Japanese scientists looking at patients with brain tumours say they can find no evidence to support fears that using a mobile phone boosts the risk of cerebral cancer.
In a study published on Tuesday in the British Journal of Cancer, researchers led by Naohito Yamaguchi compared the history of mobile phone use in 322 brain cancer patients with 683 healthy people living in Tokyo.
"We studied the radiation emitted from various types of mobile phones and placed them into one of four categories relating to radiation strength," said Yamaguchi.
"We then analysed how they would affect different areas of the brain, taking into account the organ's complex structure."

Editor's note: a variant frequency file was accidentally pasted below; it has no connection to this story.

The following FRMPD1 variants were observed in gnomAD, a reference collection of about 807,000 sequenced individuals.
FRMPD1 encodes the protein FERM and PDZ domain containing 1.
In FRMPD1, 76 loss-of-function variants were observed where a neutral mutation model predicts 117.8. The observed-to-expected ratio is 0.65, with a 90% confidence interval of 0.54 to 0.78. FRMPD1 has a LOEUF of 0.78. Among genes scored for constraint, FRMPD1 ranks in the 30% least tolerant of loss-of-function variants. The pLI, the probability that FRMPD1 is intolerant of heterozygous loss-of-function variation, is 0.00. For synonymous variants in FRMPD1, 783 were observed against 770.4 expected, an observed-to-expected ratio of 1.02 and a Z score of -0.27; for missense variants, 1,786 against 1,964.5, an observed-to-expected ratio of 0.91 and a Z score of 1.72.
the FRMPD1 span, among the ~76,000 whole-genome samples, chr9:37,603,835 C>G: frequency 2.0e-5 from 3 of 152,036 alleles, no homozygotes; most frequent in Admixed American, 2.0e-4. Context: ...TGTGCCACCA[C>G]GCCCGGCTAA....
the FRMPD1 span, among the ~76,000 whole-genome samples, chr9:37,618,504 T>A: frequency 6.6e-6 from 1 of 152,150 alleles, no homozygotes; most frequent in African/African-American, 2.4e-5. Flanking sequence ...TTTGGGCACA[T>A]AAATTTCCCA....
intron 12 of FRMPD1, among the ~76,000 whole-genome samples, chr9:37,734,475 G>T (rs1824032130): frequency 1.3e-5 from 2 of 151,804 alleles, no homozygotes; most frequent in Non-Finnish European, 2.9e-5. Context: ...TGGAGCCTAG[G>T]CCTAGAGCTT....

He added: "Using our newly developed and more accurate techniques, we found no association between mobile phone use and cancer, providing more evidence to suggest they don't cause brain cancer."
Previous studies into mobile phone use have thrown up conflicting findings, although the biggest investigation, covering 420,000 people and spanning in some cases more than a decade of phone use, failed to find a cancer connection.
Yamaguchi, from the Tokyo Women's Medical University, looked at patients with three types of brain cancer -- glioma, meningioma and pituitary adenoma -- which comprise around 85 percent of all brain tumours.
Several countries have guidelines such as advising the public to make shorter calls on mobile phones, use hands-free sets and let children only make essential calls in order to limit exposure to electromagnetic energy.